The special challenge was that the screw is centered and therefore the silo inlet must be eccentric, which leads to an uneven load on the screw conveyer - especially during the filling process. For such scenarios, there are no standardized load assumptions and no standards with which an operationally reliable design can be created. The Eichholz company therefore commissioned CADFEM’s computation experts to use simulations to provide the necessary answers to the design engineers’ questions. With simulation, the load and deflection of the pipe could be identified and compared for different design variants and load cases in order to determine the correct dimensioning of the components and thus ensure safe operation at all times.

Challenges in the construction of the mixing silo
  •  Mixing screw is particularly long (17.2 m).
  • The stainless steel screw conveyer (encases the screw for better conveying / mixing) is also very long (15.5 m) with only 5 mm wall thickness.
  • Since the screw is centered, the inlet is only possible eccentrically, resulting in uneven loads and deflections.
  • There are no load assumptions or standards available to consult for this scenario. 
  • There is an air gap of 20 mm between the screw and the pipe, which must be maintained even under the most unfavorable conditions so that the screw does not rub against the pipe.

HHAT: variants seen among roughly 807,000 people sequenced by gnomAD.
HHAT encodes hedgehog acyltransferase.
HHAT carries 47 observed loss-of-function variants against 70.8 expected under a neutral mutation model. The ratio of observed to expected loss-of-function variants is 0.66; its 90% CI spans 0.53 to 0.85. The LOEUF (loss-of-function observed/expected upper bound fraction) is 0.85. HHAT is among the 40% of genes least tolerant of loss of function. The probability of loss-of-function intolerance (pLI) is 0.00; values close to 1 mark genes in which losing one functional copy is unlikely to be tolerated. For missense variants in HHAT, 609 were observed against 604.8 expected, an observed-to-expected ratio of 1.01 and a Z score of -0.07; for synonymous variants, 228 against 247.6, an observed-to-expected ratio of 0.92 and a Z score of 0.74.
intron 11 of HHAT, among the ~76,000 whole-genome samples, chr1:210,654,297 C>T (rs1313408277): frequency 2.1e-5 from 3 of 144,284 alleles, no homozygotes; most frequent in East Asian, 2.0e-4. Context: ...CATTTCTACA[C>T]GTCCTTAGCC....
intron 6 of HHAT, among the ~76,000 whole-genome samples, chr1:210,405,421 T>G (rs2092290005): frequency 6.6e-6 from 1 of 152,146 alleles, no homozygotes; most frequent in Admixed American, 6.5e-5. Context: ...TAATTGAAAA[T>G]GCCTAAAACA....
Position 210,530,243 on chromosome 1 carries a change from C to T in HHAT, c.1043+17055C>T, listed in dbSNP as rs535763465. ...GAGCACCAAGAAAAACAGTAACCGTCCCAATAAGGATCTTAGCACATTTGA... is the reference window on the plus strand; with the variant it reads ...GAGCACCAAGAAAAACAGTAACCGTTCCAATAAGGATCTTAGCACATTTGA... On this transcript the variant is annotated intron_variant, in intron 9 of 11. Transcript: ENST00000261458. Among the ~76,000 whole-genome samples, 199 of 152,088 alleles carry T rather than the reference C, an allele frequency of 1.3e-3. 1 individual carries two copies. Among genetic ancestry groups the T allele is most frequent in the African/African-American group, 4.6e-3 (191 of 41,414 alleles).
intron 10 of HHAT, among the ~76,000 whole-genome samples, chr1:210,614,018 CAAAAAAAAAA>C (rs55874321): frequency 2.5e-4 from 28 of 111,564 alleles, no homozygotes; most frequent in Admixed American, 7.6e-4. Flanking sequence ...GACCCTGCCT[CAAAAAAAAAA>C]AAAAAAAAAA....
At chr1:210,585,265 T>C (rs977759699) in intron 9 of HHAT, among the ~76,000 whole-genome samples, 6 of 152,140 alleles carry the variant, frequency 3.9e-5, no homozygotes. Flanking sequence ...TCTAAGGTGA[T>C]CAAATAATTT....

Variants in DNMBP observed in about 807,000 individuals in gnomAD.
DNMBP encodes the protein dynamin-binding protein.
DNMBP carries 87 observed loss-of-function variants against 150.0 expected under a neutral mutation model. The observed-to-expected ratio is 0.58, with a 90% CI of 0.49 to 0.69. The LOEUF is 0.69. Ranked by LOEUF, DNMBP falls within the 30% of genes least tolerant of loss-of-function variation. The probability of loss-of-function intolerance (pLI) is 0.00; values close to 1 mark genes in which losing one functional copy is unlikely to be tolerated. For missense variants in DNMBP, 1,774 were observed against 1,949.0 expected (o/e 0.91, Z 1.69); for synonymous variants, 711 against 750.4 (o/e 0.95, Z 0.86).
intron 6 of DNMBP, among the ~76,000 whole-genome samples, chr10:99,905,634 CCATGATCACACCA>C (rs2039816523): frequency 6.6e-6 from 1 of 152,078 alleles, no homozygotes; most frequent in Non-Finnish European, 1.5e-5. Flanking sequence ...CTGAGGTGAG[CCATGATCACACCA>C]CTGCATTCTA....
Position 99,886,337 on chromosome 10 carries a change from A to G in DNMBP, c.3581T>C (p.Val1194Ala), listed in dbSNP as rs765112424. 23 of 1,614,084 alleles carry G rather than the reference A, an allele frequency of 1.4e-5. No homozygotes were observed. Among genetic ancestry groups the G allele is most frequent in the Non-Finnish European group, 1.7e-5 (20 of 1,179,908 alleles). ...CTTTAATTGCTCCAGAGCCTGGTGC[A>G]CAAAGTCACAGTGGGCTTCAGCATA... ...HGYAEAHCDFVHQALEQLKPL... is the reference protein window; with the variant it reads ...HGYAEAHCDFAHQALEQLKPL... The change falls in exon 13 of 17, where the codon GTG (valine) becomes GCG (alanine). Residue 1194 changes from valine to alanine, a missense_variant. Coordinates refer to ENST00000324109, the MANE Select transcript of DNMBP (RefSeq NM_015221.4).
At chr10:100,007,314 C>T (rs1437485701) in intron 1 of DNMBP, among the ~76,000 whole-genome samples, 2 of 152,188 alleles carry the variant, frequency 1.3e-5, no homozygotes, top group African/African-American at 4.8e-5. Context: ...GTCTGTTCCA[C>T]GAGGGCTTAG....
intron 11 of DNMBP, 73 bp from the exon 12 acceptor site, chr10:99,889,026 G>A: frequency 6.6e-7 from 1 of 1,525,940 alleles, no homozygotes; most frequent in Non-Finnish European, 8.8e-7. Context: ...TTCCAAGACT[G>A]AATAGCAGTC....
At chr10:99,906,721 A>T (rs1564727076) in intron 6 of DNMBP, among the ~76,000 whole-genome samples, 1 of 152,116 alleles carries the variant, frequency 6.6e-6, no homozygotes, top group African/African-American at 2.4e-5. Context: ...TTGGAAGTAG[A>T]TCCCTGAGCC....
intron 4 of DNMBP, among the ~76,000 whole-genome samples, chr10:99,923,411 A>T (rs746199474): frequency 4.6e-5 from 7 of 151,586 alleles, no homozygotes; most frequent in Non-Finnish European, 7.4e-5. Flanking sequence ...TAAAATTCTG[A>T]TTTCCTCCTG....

Image: Silo with screw conveyer and eccentric inlet

 Martin Westermann Technical Sales, Eichholz Silo- und Anlagenbau GmbH
Martin Westermann
Technical Sales, Eichholz Silo- und Anlagenbau GmbH

With simulation, we were able to develop an understanding of how the loads are distributed inside the silo and thus save time and money on costly test structures. This has greatly accelerated the project and created certainty for us and our customers.

Use of simulation in the design process

In a first step, the target quantities, input parameters and scenarios to be examined were agreed upon between all project participants. This was followed by the analysis of the bulk material and the material calibration required for the particle simulation. Important parameters include, for example, the coefficient of friction of the bulk material, which can be determined using the bulk material angle and the bulk density. With the 3D CAD data of the silo's geometry provided by Eichholz, digital models could be created in order to subsequently perform the desired simulations. In this specific case, the dynamic interaction between the bulk material and the components was analyzed using Rocky DEM software (DEM - Discrete Element Method), and the mechanical loading of the components was calculated using Ansys Mechanical (FEM - Finite Element Method).